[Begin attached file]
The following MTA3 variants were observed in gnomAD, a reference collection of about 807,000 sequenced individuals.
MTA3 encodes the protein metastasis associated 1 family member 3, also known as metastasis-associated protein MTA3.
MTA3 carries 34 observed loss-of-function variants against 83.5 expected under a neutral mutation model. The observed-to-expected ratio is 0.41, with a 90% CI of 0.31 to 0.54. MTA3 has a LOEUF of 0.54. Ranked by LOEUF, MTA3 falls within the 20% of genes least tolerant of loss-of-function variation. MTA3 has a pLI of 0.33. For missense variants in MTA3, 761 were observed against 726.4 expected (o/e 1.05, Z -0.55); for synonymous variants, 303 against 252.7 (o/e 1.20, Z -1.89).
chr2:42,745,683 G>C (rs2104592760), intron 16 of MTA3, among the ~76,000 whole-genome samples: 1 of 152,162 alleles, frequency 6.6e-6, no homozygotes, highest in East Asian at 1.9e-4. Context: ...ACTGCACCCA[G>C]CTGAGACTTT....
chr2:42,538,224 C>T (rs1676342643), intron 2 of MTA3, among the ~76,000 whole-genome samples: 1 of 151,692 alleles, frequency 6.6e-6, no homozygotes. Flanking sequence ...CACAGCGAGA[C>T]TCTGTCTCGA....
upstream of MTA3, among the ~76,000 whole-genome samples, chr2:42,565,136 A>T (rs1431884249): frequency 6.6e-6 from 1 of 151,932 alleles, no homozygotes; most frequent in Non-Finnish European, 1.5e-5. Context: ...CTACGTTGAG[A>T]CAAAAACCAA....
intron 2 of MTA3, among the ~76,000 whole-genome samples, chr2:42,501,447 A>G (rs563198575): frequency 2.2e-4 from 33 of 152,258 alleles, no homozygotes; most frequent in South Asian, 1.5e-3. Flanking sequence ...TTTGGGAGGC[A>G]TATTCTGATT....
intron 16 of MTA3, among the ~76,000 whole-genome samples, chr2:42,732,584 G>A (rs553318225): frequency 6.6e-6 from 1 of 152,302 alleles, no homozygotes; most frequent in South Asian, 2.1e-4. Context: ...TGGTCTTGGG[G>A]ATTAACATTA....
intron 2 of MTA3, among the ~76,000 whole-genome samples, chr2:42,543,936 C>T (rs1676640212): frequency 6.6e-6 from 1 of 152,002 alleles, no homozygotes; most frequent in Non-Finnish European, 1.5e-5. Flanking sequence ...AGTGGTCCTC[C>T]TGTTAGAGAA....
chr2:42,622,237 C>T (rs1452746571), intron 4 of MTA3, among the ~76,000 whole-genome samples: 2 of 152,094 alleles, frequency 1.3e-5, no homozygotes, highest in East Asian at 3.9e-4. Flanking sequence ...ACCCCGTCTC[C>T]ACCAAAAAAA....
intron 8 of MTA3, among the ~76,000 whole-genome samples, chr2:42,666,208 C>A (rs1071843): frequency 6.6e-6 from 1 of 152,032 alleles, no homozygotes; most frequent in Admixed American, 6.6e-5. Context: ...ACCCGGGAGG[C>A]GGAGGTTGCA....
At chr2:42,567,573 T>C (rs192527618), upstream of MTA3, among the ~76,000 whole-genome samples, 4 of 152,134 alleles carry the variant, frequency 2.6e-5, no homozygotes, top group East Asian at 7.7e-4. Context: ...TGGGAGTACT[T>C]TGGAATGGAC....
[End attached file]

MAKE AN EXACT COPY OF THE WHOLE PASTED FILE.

The following MTA3 variants were observed in gnomAD, a reference collection of about 807,000 sequenced individuals.
MTA3 encodes the protein metastasis associated 1 family member 3, also known as metastasis-associated protein MTA3.
MTA3 carries 34 observed loss-of-function variants against 83.5 expected under a neutral mutation model. The observed-to-expected ratio is 0.41, with a 90% CI of 0.31 to 0.54. MTA3 has a LOEUF of 0.54. Ranked by LOEUF, MTA3 falls within the 20% of genes least tolerant of loss-of-function variation. MTA3 has a pLI of 0.33. For missense variants in MTA3, 761 were observed against 726.4 expected (o/e 1.05, Z -0.55); for synonymous variants, 303 against 252.7 (o/e 1.20, Z -1.89).
chr2:42,745,683 G>C (rs2104592760), intron 16 of MTA3, among the ~76,000 whole-genome samples: 1 of 152,162 alleles, frequency 6.6e-6, no homozygotes, highest in East Asian at 1.9e-4. Context: ...ACTGCACCCA[G>C]CTGAGACTTT....
chr2:42,538,224 C>T (rs1676342643), intron 2 of MTA3, among the ~76,000 whole-genome samples: 1 of 151,692 alleles, frequency 6.6e-6, no homozygotes. Flanking sequence ...CACAGCGAGA[C>T]TCTGTCTCGA....
upstream of MTA3, among the ~76,000 whole-genome samples, chr2:42,565,136 A>T (rs1431884249): frequency 6.6e-6 from 1 of 151,932 alleles, no homozygotes; most frequent in Non-Finnish European, 1.5e-5. Context: ...CTACGTTGAG[A>T]CAAAAACCAA....
intron 2 of MTA3, among the ~76,000 whole-genome samples, chr2:42,501,447 A>G (rs563198575): frequency 2.2e-4 from 33 of 152,258 alleles, no homozygotes; most frequent in South Asian, 1.5e-3. Flanking sequence ...TTTGGGAGGC[A>G]TATTCTGATT....
intron 16 of MTA3, among the ~76,000 whole-genome samples, chr2:42,732,584 G>A (rs553318225): frequency 6.6e-6 from 1 of 152,302 alleles, no homozygotes; most frequent in South Asian, 2.1e-4. Context: ...TGGTCTTGGG[G>A]ATTAACATTA....
intron 2 of MTA3, among the ~76,000 whole-genome samples, chr2:42,543,936 C>T (rs1676640212): frequency 6.6e-6 from 1 of 152,002 alleles, no homozygotes; most frequent in Non-Finnish European, 1.5e-5. Flanking sequence ...AGTGGTCCTC[C>T]TGTTAGAGAA....
chr2:42,622,237 C>T (rs1452746571), intron 4 of MTA3, among the ~76,000 whole-genome samples: 2 of 152,094 alleles, frequency 1.3e-5, no homozygotes, highest in East Asian at 3.9e-4. Flanking sequence ...ACCCCGTCTC[C>T]ACCAAAAAAA....
intron 8 of MTA3, among the ~76,000 whole-genome samples, chr2:42,666,208 C>A (rs1071843): frequency 6.6e-6 from 1 of 152,032 alleles, no homozygotes; most frequent in Admixed American, 6.6e-5. Context: ...ACCCGGGAGG[C>A]GGAGGTTGCA....
At chr2:42,567,573 T>C (rs192527618), upstream of MTA3, among the ~76,000 whole-genome samples, 4 of 152,134 alleles carry the variant, frequency 2.6e-5, no homozygotes, top group East Asian at 7.7e-4. Context: ...TGGGAGTACT[T>C]TGGAATGGAC....